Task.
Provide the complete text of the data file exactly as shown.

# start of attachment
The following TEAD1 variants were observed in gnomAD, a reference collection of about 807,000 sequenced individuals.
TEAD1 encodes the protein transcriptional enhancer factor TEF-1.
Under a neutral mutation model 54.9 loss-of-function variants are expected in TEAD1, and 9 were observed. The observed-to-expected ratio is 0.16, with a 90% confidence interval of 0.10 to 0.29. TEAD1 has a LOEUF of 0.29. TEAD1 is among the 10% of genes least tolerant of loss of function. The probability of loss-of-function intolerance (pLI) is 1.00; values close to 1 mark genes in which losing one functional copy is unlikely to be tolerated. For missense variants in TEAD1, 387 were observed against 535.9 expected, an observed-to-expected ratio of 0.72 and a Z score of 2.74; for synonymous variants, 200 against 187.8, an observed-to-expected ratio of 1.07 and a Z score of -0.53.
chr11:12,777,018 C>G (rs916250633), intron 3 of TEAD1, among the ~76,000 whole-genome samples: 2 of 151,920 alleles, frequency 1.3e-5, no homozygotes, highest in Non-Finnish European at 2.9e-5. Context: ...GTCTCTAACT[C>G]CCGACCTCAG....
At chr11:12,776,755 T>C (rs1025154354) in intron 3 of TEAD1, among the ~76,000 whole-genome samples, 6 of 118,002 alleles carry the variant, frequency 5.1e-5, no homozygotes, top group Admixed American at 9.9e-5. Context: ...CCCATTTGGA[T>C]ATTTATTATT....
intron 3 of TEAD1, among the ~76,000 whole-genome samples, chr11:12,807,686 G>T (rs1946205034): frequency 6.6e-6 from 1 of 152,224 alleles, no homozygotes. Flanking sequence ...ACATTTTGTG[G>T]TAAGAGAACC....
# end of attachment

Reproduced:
The following TEAD1 variants were observed in gnomAD, a reference collection of about 807,000 sequenced individuals.
TEAD1 encodes the protein transcriptional enhancer factor TEF-1.
Under a neutral mutation model 54.9 loss-of-function variants are expected in TEAD1, and 9 were observed. The observed-to-expected ratio is 0.16, with a 90% confidence interval of 0.10 to 0.29. TEAD1 has a LOEUF of 0.29. TEAD1 is among the 10% of genes least tolerant of loss of function. The probability of loss-of-function intolerance (pLI) is 1.00; values close to 1 mark genes in which losing one functional copy is unlikely to be tolerated. For missense variants in TEAD1, 387 were observed against 535.9 expected, an observed-to-expected ratio of 0.72 and a Z score of 2.74; for synonymous variants, 200 against 187.8, an observed-to-expected ratio of 1.07 and a Z score of -0.53.
chr11:12,777,018 C>G (rs916250633), intron 3 of TEAD1, among the ~76,000 whole-genome samples: 2 of 151,920 alleles, frequency 1.3e-5, no homozygotes, highest in Non-Finnish European at 2.9e-5. Context: ...GTCTCTAACT[C>G]CCGACCTCAG....
At chr11:12,776,755 T>C (rs1025154354) in intron 3 of TEAD1, among the ~76,000 whole-genome samples, 6 of 118,002 alleles carry the variant, frequency 5.1e-5, no homozygotes, top group Admixed American at 9.9e-5. Context: ...CCCATTTGGA[T>C]ATTTATTATT....
intron 3 of TEAD1, among the ~76,000 whole-genome samples, chr11:12,807,686 G>T (rs1946205034): frequency 6.6e-6 from 1 of 152,224 alleles, no homozygotes. Flanking sequence ...ACATTTTGTG[G>T]TAAGAGAACC....